Eating disorders affect dental health in a number of ways that are visible to dentists, but most noticeable are acid reflux effects. The symptoms include swelling of the cheeks and jaw, tooth and gum sensitivity, tooth decay, tooth discolouration, and halitosis. Stomach acid increase due to bulimia erodes teeth and causes sensitivity to the teeth with staining, and irritated gums. Fizzy drinks often used by those with anorexia also contain acid that causes damage to tooth enamel, and the gums. Once dentin becomes exposed and gums irritated, the likelihood of bacterial infection and oral disease is higher.

These acidic reactions in people with eating disorders cause pungent bad breath that peppermints, chewing gum and mouth rinse do not conceal. Besides swelling of the cheeks and jaws, dentists may also notice wounds on the upper hand surface and knuckles caused by excessive purging as a result of bulimia. Dentists are usually the first to notice these warning signs and can act before the damage is irreversible not only to oral health but also to the physical and mental health of the patient.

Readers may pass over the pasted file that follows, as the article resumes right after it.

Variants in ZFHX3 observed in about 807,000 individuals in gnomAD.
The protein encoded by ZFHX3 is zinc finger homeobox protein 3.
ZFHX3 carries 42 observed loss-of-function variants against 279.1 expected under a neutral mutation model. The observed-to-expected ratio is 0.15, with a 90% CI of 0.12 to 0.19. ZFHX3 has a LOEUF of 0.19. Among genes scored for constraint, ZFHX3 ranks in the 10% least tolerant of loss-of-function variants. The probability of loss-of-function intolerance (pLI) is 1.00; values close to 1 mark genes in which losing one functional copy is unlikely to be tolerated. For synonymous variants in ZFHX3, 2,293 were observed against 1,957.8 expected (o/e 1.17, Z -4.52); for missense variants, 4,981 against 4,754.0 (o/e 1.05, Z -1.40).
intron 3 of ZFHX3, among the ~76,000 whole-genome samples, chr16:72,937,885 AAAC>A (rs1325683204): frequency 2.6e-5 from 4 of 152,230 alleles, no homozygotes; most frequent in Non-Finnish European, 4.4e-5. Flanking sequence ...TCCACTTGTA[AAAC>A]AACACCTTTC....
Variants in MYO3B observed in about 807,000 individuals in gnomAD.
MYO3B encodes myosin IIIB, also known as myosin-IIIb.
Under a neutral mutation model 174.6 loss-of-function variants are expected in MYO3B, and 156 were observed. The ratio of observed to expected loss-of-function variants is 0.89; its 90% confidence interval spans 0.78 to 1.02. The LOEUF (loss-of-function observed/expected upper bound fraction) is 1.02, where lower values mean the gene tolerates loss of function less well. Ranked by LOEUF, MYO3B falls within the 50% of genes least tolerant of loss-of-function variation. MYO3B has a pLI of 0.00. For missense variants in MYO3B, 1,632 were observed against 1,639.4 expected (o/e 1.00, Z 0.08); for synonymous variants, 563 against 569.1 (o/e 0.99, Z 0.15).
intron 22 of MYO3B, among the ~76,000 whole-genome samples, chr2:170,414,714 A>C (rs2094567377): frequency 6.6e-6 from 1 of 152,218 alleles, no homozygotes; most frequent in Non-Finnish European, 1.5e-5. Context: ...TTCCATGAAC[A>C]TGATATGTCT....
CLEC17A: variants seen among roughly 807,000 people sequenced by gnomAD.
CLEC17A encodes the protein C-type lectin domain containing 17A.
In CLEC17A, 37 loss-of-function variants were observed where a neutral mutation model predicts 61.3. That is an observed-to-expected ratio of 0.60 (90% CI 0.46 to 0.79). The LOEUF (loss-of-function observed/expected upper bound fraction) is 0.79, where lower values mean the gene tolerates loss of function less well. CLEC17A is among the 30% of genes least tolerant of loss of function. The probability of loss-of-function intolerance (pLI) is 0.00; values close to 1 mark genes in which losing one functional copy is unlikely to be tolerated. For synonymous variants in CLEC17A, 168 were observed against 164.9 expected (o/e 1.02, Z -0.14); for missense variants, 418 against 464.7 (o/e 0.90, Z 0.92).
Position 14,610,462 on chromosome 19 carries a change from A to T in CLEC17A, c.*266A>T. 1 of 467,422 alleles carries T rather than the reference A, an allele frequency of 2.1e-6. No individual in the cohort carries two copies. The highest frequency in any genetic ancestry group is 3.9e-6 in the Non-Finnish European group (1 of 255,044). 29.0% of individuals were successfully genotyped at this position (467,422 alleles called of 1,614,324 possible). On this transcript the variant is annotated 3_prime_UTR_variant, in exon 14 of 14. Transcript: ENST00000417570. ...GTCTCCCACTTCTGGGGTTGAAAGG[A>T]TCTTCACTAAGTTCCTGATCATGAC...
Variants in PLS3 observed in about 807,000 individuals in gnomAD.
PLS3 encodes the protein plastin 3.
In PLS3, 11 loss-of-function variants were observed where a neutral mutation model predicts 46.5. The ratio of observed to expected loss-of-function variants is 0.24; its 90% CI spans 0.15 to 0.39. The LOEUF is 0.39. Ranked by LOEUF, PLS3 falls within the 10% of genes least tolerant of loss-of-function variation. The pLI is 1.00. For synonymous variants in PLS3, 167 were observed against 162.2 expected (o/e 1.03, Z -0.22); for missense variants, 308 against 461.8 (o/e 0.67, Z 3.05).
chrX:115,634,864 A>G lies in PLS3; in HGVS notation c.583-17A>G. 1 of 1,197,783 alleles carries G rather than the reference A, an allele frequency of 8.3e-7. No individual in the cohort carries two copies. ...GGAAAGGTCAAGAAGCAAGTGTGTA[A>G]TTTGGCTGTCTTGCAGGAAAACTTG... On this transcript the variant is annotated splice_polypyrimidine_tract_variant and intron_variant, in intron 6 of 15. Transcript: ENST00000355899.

Eating disorders like anorexia where patients starve themselves or bulimia where patients binge and purge are biological mental illnesses and have to be very sensitively handled for a positive outcome for the patient. Many do not easily acknowledge their illness or accept treatment for the disorder. Dr. Emmett R. Bishop Jr., MD, CEDS, of the Eating Recovery Centre in Colorado suggests direct non-labelling type questions said with concern, such as “Do you make yourself throw up?” Rather than questions like: “Do you have bulimia?” Engaging the patient in a gentle and caring discussion can open the door to a referral for psychological support, such as through the new 2010 NHS Psychological Therapies. Facilitating treatment for the underlying eating disorder is step towards holistically-improved dental health.